Musings on Being a Grandmother in a Strange World | Sixty and Me


My oldest grandchild just turned five, and since he was born, I have been blessed with four more grandchildren. Becoming a grandparent has been a magical experience for me. I never knew that it would elicit an entirely new set of thoughts and emotions, so I can’t help but muse about the type of world my grandkids have come into, and the world we will leave them.

During my musings, I often think about what I’ll be remembered for and what my legacy will be. I was very close with my maternal grandparents, and my children were also close with theirs.

It’s been said that children who have good relationships with their grandparents often grow up to be stable and self-confident individuals. I have that wish for my grandchildren, and I also hope that they’re always surrounded by love and peace.

The nurturing part of me wants to protect my grandchildren from all evil and wrongdoing. I want them to grow up in a harmonious world where all men and women are created equal, where music brings us together, and where everyone has a chance to self-actualize.

This may sound idealistic, but that’s the way I feel. My dreams for my grandchildren are as lofty as they were for the three beautiful kids I brought into the world in the 1980s.

I was born in the 1950s and was raised in New York in the midst of the hippie generation. I hung out in head shops in the suburbs of New York City, wore beaded necklaces, walked barefoot in the park, burned incense, and listened to music in my small bedroom, the walls of which were covered with wall-to-wall bulletin boards and black-light posters.

Over and over I sang the Beatles’ song “Let It Be,” because not only did I adore the band ever since seeing them on The Ed Sullivan Show in 1964, but also because their music evoked a sense of calm and hope.

Many of my friends were drafted into the Vietnam War, and I waved goodbye while engaging in antiwar marches.

My generation was, in essence, emotionally rebelling against what we viewed as the mindless direction in which our world was headed. The 60s counterculture asked questions and begged for answers and/or peace.

There have been many predictions that our intellectual rebellion would resurface during my grandchildren’s time as a result of political and racial oppression, and my sense is that it might emerge sooner than we think. In fact, the recent equality movements over the past few years might signal the beginning of a so-called revolution.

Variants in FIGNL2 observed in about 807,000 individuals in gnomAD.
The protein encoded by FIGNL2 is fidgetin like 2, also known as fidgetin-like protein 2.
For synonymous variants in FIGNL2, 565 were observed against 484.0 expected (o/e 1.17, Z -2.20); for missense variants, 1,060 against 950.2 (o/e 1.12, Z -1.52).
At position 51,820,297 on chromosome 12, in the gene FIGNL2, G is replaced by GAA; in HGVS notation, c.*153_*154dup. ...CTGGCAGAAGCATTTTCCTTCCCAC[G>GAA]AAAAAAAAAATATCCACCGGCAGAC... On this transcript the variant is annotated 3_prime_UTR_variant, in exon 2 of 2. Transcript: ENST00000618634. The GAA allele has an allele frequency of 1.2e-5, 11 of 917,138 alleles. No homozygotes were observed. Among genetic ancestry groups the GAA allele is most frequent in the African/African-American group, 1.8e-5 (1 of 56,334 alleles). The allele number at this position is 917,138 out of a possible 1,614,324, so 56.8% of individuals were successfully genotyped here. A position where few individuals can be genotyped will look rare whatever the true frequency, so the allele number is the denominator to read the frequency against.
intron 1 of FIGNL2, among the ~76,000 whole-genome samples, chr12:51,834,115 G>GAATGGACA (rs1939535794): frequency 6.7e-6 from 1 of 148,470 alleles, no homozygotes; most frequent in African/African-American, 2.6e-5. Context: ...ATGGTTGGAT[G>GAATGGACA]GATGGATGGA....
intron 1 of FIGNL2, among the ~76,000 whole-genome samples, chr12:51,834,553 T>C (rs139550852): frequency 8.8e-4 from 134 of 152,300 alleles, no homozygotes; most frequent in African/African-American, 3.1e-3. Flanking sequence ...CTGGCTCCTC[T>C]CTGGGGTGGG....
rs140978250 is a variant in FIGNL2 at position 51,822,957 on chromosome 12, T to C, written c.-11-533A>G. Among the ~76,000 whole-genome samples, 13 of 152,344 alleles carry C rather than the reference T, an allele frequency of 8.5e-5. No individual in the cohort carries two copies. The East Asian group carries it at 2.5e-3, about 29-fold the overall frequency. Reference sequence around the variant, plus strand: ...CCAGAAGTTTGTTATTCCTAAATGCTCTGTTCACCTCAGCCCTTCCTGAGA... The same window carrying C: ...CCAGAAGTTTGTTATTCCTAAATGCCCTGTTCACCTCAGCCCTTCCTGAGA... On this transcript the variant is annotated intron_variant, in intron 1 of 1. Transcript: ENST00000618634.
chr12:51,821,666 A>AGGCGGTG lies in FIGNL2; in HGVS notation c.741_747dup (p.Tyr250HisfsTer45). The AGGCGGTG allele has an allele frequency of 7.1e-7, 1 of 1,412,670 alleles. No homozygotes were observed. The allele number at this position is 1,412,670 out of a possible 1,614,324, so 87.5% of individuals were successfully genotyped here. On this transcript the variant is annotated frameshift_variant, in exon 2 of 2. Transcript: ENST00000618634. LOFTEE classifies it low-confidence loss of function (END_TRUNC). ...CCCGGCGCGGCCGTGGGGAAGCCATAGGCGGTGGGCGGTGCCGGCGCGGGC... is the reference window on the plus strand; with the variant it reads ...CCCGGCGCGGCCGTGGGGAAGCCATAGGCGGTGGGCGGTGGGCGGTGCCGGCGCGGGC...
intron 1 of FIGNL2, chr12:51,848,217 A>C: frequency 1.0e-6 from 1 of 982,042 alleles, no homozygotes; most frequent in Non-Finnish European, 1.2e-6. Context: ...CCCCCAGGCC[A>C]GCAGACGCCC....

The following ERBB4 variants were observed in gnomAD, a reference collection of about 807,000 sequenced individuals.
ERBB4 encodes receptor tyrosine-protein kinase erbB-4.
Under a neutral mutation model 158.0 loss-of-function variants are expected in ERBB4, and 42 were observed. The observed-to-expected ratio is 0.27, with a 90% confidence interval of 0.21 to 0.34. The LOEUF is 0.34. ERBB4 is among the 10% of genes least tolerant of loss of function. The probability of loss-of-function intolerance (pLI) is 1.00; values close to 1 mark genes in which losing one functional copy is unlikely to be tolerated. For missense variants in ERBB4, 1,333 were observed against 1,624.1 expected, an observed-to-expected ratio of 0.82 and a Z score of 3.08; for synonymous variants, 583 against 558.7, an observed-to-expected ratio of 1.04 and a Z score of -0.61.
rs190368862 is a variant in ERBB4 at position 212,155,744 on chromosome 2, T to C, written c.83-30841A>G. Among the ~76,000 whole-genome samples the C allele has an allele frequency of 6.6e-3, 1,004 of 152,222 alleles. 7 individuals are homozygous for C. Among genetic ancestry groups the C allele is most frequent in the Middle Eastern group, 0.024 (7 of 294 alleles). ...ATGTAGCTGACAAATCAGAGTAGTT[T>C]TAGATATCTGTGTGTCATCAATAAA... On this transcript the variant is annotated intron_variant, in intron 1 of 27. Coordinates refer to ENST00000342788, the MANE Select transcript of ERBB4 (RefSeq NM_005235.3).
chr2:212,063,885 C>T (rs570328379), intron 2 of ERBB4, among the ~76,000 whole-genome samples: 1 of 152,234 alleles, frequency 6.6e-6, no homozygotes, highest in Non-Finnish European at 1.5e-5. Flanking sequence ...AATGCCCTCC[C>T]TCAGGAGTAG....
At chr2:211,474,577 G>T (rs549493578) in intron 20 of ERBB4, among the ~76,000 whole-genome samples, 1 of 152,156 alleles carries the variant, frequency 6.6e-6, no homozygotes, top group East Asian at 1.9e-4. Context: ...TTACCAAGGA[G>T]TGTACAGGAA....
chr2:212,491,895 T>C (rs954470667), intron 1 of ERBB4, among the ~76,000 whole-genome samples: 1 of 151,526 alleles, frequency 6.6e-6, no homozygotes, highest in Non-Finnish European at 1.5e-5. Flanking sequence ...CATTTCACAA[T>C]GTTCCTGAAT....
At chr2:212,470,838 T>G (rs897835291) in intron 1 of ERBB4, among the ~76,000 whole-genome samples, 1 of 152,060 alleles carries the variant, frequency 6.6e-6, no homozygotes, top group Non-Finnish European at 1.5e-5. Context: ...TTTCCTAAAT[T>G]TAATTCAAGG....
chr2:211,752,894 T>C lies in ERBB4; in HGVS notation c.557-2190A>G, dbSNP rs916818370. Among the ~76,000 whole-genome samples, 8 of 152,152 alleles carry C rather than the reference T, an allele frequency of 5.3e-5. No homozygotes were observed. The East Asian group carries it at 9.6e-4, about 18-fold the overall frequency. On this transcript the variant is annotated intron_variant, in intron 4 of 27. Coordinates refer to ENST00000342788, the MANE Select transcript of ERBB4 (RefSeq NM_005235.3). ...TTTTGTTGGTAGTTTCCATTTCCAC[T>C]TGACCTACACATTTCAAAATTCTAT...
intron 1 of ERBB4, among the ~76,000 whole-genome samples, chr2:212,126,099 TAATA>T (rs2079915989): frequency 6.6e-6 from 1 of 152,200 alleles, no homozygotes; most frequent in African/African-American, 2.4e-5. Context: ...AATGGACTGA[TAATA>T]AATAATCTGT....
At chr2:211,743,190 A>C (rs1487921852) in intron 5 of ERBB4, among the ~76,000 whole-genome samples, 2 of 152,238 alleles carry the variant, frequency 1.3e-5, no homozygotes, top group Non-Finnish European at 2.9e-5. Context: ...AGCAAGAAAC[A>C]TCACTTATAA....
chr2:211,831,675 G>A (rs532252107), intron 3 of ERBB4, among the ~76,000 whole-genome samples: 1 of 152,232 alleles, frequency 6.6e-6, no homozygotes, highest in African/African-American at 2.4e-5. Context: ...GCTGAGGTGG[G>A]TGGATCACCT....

Some months ago I was speaking with a friend, also a grandmother, who shared the spirit of my own upbringing in the 1960s. We felt the same stirrings – the same desire to come together and instill change in a new generation – the pull to help bring about a sense of peace during unsettling times. We felt the same compulsion to engage in some type of activism that we felt back then.

While I and many others with spiritual orientations advocate self-care through meditation, yoga, and writing for healing, there are many who are self-destructive. Among teens, the suicide rate is higher than ever, and more veterans are dying from suicide than combat fatalities.

My sense is that baby boomers like myself need to individually reach out to our own circles and vow to be the messengers to our children and grandchildren – to inspire them to keep the faith, be compassionate, practice gratitude, and help promote the power of interconnectedness.

If we all do so, then the power of positivity can be transmuted and spread across the universe. This might sound idealistic – and it very well might be – but it’s worth a try. My hope is to share the stories of our ancestors with my grandchildren because in learning about the past we can come to some resolve about the present.

When they’re old enough, I want to give them a copy of my first memoir, Regina’s Closet: Finding My Grandmother’s Secret Journal about my grandmother and caretaker who took her life in my childhood home. Hearing stories will unite us as a family and as a culture.

As the Beatles’ song said, “Come together right now.” Encouraging interconnectedness is one way for us to do so. As we used to say in the 1960s, let’s try to “make love, not war.” This is not just a slogan; it’s vital to our collective well-being.

The possible resurgence of the hippie revolution merely means that we need to reevaluate old thoughts and bring in fresh and poignant new ideas. It also might be a good time to revisit books such as Hippie Dictionary by John Bassett McCleary (2002), which in and of itself, is a great history book that presents a beautiful picture of those times.

Like myself, McCleary also believes that through writing, we can make our opinions known, and as the wonderful singer/songwriter Pete Seeger said, “We shall overcome.”

My hope is that we can all come together to do just that… for our children, for our grandchildren, and for ourselves.

What kind of world do you think your grandchildren will live in? What part have you played in creating it? Does your hope for the future involve interconnectedness and in what way do you envision this? Please engage with the community!

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